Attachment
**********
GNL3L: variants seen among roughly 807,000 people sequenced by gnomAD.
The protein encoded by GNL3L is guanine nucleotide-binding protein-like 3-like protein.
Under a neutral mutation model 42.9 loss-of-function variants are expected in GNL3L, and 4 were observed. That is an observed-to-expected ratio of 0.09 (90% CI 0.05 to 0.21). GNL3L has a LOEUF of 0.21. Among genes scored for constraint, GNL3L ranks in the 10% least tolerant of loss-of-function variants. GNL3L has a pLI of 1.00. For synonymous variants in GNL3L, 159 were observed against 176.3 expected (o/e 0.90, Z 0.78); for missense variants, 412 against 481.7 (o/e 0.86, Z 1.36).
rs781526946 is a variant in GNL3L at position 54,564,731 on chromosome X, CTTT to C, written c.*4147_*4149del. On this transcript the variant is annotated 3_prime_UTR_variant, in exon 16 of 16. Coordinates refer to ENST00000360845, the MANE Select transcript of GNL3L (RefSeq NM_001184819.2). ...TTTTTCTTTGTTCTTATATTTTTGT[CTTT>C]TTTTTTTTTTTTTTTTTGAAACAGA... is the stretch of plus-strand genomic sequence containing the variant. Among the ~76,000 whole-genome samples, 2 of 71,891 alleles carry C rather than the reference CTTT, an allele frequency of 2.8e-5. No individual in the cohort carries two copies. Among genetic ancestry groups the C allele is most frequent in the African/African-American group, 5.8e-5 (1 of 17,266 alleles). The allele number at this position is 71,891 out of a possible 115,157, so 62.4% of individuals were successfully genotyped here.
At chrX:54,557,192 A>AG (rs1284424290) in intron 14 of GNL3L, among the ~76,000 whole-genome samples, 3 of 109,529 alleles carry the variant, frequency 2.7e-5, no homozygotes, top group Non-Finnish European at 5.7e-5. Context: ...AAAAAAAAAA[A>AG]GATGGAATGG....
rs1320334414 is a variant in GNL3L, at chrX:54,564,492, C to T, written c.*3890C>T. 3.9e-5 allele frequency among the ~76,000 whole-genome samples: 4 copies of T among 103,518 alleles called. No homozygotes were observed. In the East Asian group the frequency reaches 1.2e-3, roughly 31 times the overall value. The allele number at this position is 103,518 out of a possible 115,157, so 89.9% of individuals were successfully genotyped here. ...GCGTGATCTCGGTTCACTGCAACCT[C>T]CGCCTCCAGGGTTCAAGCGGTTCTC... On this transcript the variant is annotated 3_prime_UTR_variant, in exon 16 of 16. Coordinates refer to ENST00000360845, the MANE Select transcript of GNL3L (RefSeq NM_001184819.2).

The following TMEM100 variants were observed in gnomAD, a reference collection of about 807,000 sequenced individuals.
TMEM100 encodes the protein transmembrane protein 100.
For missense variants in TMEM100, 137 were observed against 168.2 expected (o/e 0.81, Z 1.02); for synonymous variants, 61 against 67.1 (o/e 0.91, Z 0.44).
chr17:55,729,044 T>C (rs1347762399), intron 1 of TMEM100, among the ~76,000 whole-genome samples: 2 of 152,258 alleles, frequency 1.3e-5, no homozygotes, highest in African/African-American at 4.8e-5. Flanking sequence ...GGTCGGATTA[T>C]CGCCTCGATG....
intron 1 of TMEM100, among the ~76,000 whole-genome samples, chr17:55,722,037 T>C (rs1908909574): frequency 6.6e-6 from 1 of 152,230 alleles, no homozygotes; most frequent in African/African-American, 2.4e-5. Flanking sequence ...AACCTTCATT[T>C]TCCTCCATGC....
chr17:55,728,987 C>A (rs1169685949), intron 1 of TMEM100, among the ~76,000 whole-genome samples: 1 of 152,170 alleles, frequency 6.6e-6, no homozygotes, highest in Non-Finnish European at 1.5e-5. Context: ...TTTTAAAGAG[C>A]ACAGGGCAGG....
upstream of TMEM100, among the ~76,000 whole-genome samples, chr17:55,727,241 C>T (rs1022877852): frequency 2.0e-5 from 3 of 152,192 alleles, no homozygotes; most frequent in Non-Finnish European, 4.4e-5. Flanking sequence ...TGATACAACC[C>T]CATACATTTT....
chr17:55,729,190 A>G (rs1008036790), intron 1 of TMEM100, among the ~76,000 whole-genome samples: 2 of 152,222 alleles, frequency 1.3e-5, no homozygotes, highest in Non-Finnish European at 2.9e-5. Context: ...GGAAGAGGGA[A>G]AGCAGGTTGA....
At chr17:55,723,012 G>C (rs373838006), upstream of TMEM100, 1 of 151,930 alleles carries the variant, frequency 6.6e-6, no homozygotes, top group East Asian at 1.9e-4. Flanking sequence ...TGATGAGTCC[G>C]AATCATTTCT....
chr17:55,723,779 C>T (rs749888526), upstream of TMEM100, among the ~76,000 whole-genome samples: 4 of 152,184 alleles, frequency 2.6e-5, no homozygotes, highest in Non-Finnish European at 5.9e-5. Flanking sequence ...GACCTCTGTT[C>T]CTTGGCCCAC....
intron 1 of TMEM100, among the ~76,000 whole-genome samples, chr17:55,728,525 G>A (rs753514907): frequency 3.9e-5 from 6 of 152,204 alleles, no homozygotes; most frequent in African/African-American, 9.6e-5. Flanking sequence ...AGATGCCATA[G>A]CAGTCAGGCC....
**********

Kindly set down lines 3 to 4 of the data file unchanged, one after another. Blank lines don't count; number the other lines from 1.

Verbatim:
Under a neutral mutation model 42.9 loss-of-function variants are expected in GNL3L, and 4 were observed. That is an observed-to-expected ratio of 0.09 (90% CI 0.05 to 0.21). GNL3L has a LOEUF of 0.21. Among genes scored for constraint, GNL3L ranks in the 10% least tolerant of loss-of-function variants. GNL3L has a pLI of 1.00. For synonymous variants in GNL3L, 159 were observed against 176.3 expected (o/e 0.90, Z 0.78); for missense variants, 412 against 481.7 (o/e 0.86, Z 1.36).
rs781526946 is a variant in GNL3L at position 54,564,731 on chromosome X, CTTT to C, written c.*4147_*4149del. On this transcript the variant is annotated 3_prime_UTR_variant, in exon 16 of 16. Coordinates refer to ENST00000360845, the MANE Select transcript of GNL3L (RefSeq NM_001184819.2). ...TTTTTCTTTGTTCTTATATTTTTGT[CTTT>C]TTTTTTTTTTTTTTTTTGAAACAGA... is the stretch of plus-strand genomic sequence containing the variant. Among the ~76,000 whole-genome samples, 2 of 71,891 alleles carry C rather than the reference CTTT, an allele frequency of 2.8e-5. No individual in the cohort carries two copies. Among genetic ancestry groups the C allele is most frequent in the African/African-American group, 5.8e-5 (1 of 17,266 alleles). The allele number at this position is 71,891 out of a possible 115,157, so 62.4% of individuals were successfully genotyped here.